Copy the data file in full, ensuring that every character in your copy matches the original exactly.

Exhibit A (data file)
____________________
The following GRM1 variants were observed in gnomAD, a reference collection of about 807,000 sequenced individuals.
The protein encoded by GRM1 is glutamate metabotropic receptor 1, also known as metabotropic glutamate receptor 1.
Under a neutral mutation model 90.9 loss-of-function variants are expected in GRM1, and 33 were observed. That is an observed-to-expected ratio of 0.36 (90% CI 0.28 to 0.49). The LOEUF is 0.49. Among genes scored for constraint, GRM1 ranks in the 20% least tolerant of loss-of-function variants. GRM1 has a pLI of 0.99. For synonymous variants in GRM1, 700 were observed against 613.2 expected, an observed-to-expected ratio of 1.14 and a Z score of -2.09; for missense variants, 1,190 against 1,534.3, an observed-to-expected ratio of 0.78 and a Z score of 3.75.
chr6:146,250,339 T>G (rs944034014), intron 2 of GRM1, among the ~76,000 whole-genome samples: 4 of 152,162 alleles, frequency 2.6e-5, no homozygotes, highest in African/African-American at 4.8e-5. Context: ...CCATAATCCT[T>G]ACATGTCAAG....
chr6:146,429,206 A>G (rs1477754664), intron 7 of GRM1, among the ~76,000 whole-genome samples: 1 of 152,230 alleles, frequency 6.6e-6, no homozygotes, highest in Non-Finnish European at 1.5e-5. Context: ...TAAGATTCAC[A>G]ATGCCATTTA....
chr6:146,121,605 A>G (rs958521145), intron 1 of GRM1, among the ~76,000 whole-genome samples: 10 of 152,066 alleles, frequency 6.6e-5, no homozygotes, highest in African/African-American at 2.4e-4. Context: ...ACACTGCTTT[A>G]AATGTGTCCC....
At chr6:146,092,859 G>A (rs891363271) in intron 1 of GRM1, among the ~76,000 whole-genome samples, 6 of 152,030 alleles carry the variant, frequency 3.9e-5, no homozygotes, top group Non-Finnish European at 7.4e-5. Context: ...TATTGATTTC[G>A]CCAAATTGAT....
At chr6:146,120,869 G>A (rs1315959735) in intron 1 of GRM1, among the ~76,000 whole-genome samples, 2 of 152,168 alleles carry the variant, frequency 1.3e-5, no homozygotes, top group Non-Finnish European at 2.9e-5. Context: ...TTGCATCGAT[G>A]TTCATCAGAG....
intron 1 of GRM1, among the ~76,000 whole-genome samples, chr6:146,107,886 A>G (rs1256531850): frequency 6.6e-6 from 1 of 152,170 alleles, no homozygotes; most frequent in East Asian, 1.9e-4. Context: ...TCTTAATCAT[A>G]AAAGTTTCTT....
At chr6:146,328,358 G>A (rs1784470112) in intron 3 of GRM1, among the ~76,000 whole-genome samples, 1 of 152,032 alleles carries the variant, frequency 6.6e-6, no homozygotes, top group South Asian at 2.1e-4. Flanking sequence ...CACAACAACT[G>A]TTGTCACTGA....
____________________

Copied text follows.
The following GRM1 variants were observed in gnomAD, a reference collection of about 807,000 sequenced individuals.
The protein encoded by GRM1 is glutamate metabotropic receptor 1, also known as metabotropic glutamate receptor 1.
Under a neutral mutation model 90.9 loss-of-function variants are expected in GRM1, and 33 were observed. That is an observed-to-expected ratio of 0.36 (90% CI 0.28 to 0.49). The LOEUF is 0.49. Among genes scored for constraint, GRM1 ranks in the 20% least tolerant of loss-of-function variants. GRM1 has a pLI of 0.99. For synonymous variants in GRM1, 700 were observed against 613.2 expected, an observed-to-expected ratio of 1.14 and a Z score of -2.09; for missense variants, 1,190 against 1,534.3, an observed-to-expected ratio of 0.78 and a Z score of 3.75.
chr6:146,250,339 T>G (rs944034014), intron 2 of GRM1, among the ~76,000 whole-genome samples: 4 of 152,162 alleles, frequency 2.6e-5, no homozygotes, highest in African/African-American at 4.8e-5. Context: ...CCATAATCCT[T>G]ACATGTCAAG....
chr6:146,429,206 A>G (rs1477754664), intron 7 of GRM1, among the ~76,000 whole-genome samples: 1 of 152,230 alleles, frequency 6.6e-6, no homozygotes, highest in Non-Finnish European at 1.5e-5. Context: ...TAAGATTCAC[A>G]ATGCCATTTA....
chr6:146,121,605 A>G (rs958521145), intron 1 of GRM1, among the ~76,000 whole-genome samples: 10 of 152,066 alleles, frequency 6.6e-5, no homozygotes, highest in African/African-American at 2.4e-4. Context: ...ACACTGCTTT[A>G]AATGTGTCCC....
At chr6:146,092,859 G>A (rs891363271) in intron 1 of GRM1, among the ~76,000 whole-genome samples, 6 of 152,030 alleles carry the variant, frequency 3.9e-5, no homozygotes, top group Non-Finnish European at 7.4e-5. Context: ...TATTGATTTC[G>A]CCAAATTGAT....
At chr6:146,120,869 G>A (rs1315959735) in intron 1 of GRM1, among the ~76,000 whole-genome samples, 2 of 152,168 alleles carry the variant, frequency 1.3e-5, no homozygotes, top group Non-Finnish European at 2.9e-5. Context: ...TTGCATCGAT[G>A]TTCATCAGAG....
intron 1 of GRM1, among the ~76,000 whole-genome samples, chr6:146,107,886 A>G (rs1256531850): frequency 6.6e-6 from 1 of 152,170 alleles, no homozygotes; most frequent in East Asian, 1.9e-4. Context: ...TCTTAATCAT[A>G]AAAGTTTCTT....
At chr6:146,328,358 G>A (rs1784470112) in intron 3 of GRM1, among the ~76,000 whole-genome samples, 1 of 152,032 alleles carries the variant, frequency 6.6e-6, no homozygotes, top group South Asian at 2.1e-4. Flanking sequence ...CACAACAACT[G>A]TTGTCACTGA....